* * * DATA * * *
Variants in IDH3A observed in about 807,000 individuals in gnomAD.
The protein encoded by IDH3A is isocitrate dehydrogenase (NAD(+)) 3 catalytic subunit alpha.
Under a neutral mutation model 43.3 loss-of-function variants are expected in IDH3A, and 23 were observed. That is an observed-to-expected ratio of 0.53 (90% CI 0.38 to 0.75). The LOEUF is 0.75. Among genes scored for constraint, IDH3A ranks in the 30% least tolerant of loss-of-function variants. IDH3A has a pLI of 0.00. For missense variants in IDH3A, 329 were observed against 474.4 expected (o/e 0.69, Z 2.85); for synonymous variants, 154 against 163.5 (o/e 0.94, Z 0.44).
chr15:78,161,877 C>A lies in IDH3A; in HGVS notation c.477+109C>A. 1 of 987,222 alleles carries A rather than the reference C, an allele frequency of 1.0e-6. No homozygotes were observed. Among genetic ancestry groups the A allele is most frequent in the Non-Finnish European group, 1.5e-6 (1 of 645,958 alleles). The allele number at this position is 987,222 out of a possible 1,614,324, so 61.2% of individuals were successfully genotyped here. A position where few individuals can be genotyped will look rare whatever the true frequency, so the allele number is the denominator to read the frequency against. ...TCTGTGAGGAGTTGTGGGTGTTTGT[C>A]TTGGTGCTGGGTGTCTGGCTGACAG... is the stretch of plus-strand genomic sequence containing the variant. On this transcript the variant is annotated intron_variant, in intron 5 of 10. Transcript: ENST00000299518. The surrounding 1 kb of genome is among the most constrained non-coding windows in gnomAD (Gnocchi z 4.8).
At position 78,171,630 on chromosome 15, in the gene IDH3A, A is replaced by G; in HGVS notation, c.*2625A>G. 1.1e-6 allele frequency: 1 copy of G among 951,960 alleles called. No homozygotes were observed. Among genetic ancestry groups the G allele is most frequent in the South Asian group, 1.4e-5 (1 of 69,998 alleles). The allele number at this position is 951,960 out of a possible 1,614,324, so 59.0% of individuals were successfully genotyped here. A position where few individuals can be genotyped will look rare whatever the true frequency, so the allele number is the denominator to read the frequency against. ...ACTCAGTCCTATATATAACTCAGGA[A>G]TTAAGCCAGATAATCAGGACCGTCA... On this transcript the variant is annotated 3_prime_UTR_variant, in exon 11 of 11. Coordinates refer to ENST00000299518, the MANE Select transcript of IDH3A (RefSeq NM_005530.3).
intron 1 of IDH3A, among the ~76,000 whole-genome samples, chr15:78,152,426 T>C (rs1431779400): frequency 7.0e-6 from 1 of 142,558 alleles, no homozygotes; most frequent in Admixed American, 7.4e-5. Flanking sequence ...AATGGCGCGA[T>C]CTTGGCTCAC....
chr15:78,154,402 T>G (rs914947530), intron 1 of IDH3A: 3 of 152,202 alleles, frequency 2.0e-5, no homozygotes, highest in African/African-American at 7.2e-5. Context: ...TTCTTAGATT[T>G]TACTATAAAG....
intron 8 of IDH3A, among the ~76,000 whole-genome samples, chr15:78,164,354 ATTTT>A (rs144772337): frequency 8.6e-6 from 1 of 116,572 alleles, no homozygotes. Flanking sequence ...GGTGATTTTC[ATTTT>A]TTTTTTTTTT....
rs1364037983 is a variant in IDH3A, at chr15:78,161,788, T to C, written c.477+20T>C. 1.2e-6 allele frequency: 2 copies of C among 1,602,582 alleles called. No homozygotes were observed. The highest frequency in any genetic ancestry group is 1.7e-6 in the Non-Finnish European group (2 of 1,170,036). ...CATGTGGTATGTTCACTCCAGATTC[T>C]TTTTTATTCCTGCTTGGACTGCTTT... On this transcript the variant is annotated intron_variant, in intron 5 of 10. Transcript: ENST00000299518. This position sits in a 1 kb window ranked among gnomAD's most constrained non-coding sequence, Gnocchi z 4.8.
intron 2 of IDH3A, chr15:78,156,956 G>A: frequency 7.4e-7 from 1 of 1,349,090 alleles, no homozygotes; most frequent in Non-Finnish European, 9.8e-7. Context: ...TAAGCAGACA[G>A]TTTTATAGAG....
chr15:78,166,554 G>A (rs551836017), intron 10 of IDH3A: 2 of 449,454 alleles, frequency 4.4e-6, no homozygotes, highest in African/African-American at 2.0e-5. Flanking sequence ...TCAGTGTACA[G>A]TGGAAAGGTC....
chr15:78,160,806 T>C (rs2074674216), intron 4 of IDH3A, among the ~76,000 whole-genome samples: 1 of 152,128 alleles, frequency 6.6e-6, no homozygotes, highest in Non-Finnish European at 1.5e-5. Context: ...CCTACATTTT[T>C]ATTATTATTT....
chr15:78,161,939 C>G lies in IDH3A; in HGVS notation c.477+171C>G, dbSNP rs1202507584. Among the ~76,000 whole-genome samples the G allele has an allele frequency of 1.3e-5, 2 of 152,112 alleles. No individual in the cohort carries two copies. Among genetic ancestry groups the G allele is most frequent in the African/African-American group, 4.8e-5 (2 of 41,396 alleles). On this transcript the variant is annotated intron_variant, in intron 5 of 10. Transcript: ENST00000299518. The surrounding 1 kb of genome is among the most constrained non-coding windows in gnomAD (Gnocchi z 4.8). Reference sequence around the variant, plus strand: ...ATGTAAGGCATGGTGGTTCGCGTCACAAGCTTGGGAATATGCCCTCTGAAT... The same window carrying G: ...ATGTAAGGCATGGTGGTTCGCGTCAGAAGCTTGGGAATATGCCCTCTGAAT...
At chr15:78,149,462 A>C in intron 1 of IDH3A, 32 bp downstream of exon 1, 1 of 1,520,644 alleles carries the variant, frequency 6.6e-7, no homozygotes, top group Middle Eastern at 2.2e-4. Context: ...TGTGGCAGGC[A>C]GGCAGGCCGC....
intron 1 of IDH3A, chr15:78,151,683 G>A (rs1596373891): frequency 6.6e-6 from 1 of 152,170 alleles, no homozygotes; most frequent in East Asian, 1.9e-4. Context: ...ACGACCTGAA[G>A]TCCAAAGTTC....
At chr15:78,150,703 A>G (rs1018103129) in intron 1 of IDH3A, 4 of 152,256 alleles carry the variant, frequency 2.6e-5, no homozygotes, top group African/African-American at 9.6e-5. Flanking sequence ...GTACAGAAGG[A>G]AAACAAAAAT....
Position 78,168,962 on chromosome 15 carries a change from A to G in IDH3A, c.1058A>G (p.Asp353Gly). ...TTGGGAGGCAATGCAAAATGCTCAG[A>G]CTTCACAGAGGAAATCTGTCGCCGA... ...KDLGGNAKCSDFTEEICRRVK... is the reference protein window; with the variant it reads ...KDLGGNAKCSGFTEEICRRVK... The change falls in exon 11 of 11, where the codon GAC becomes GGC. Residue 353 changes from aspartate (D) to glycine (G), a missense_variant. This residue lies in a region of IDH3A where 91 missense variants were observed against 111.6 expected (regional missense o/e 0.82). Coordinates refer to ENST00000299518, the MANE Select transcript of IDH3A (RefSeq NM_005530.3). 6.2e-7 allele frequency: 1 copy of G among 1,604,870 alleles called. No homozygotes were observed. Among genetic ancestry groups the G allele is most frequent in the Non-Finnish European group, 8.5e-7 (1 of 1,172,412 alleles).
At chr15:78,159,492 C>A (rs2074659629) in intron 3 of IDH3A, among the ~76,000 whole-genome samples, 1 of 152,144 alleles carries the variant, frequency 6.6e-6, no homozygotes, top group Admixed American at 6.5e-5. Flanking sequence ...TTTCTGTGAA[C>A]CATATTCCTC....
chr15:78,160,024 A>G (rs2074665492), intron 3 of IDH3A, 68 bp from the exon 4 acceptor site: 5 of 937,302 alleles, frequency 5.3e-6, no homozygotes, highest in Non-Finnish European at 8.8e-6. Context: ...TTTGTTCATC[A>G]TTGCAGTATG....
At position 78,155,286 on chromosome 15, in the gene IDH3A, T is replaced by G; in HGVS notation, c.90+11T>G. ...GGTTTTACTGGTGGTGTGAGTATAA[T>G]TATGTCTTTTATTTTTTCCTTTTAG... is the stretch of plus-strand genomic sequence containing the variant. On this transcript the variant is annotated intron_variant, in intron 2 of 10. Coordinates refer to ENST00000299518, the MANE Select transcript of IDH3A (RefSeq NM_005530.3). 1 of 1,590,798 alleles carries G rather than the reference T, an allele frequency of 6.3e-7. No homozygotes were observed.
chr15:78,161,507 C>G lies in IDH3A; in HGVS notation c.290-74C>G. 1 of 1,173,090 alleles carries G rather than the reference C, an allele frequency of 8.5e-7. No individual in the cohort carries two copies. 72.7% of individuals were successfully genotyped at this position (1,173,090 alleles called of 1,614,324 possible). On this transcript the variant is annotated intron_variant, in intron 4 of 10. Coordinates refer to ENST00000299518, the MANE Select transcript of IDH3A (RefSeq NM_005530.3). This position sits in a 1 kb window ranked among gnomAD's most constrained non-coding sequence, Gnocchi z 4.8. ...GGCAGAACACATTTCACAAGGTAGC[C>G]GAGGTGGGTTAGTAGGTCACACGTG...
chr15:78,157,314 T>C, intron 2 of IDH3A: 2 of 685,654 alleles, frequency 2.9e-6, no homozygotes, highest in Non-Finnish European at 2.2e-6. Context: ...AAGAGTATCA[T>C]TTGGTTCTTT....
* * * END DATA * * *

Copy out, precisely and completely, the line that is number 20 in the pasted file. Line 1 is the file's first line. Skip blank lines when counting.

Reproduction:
At position 78,155,286 on chromosome 15, in the gene IDH3A, T is replaced by G; in HGVS notation, c.90+11T>G. ...GGTTTTACTGGTGGTGTGAGTATAA[T>G]TATGTCTTTTATTTTTTCCTTTTAG... is the stretch of plus-strand genomic sequence containing the variant. On this transcript the variant is annotated intron_variant, in intron 2 of 10. Coordinates refer to ENST00000299518, the MANE Select transcript of IDH3A (RefSeq NM_005530.3). 1 of 1,590,798 alleles carries G rather than the reference T, an allele frequency of 6.3e-7. No homozygotes were observed.